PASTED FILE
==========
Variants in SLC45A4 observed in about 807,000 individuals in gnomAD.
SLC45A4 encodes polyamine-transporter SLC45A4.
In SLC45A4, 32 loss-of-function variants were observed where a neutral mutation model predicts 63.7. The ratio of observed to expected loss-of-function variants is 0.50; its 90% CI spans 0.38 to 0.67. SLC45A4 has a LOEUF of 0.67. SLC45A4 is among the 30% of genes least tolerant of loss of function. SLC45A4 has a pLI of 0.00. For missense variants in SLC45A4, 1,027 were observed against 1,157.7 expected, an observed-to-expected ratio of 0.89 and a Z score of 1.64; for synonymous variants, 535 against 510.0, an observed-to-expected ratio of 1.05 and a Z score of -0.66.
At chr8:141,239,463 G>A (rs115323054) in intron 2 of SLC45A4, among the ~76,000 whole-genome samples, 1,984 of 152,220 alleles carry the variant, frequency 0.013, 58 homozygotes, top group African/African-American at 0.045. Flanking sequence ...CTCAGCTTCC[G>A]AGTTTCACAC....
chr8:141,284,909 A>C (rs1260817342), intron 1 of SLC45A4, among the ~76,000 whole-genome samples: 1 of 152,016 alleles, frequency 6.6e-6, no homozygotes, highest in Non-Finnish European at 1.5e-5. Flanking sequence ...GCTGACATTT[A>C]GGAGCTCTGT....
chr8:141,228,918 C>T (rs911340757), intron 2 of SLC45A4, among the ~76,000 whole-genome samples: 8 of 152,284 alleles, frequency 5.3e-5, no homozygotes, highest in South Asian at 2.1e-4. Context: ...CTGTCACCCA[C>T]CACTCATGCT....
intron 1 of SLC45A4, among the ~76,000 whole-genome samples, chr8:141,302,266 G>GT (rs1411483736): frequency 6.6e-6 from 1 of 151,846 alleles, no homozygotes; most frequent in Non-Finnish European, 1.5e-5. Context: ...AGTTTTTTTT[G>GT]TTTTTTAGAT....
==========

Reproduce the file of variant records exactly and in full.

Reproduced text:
Variants in SLC45A4 observed in about 807,000 individuals in gnomAD.
SLC45A4 encodes polyamine-transporter SLC45A4.
In SLC45A4, 32 loss-of-function variants were observed where a neutral mutation model predicts 63.7. The ratio of observed to expected loss-of-function variants is 0.50; its 90% CI spans 0.38 to 0.67. SLC45A4 has a LOEUF of 0.67. SLC45A4 is among the 30% of genes least tolerant of loss of function. SLC45A4 has a pLI of 0.00. For missense variants in SLC45A4, 1,027 were observed against 1,157.7 expected, an observed-to-expected ratio of 0.89 and a Z score of 1.64; for synonymous variants, 535 against 510.0, an observed-to-expected ratio of 1.05 and a Z score of -0.66.
At chr8:141,239,463 G>A (rs115323054) in intron 2 of SLC45A4, among the ~76,000 whole-genome samples, 1,984 of 152,220 alleles carry the variant, frequency 0.013, 58 homozygotes, top group African/African-American at 0.045. Flanking sequence ...CTCAGCTTCC[G>A]AGTTTCACAC....
chr8:141,284,909 A>C (rs1260817342), intron 1 of SLC45A4, among the ~76,000 whole-genome samples: 1 of 152,016 alleles, frequency 6.6e-6, no homozygotes, highest in Non-Finnish European at 1.5e-5. Flanking sequence ...GCTGACATTT[A>C]GGAGCTCTGT....
chr8:141,228,918 C>T (rs911340757), intron 2 of SLC45A4, among the ~76,000 whole-genome samples: 8 of 152,284 alleles, frequency 5.3e-5, no homozygotes, highest in South Asian at 2.1e-4. Context: ...CTGTCACCCA[C>T]CACTCATGCT....
intron 1 of SLC45A4, among the ~76,000 whole-genome samples, chr8:141,302,266 G>GT (rs1411483736): frequency 6.6e-6 from 1 of 151,846 alleles, no homozygotes; most frequent in Non-Finnish European, 1.5e-5. Context: ...AGTTTTTTTT[G>GT]TTTTTTAGAT....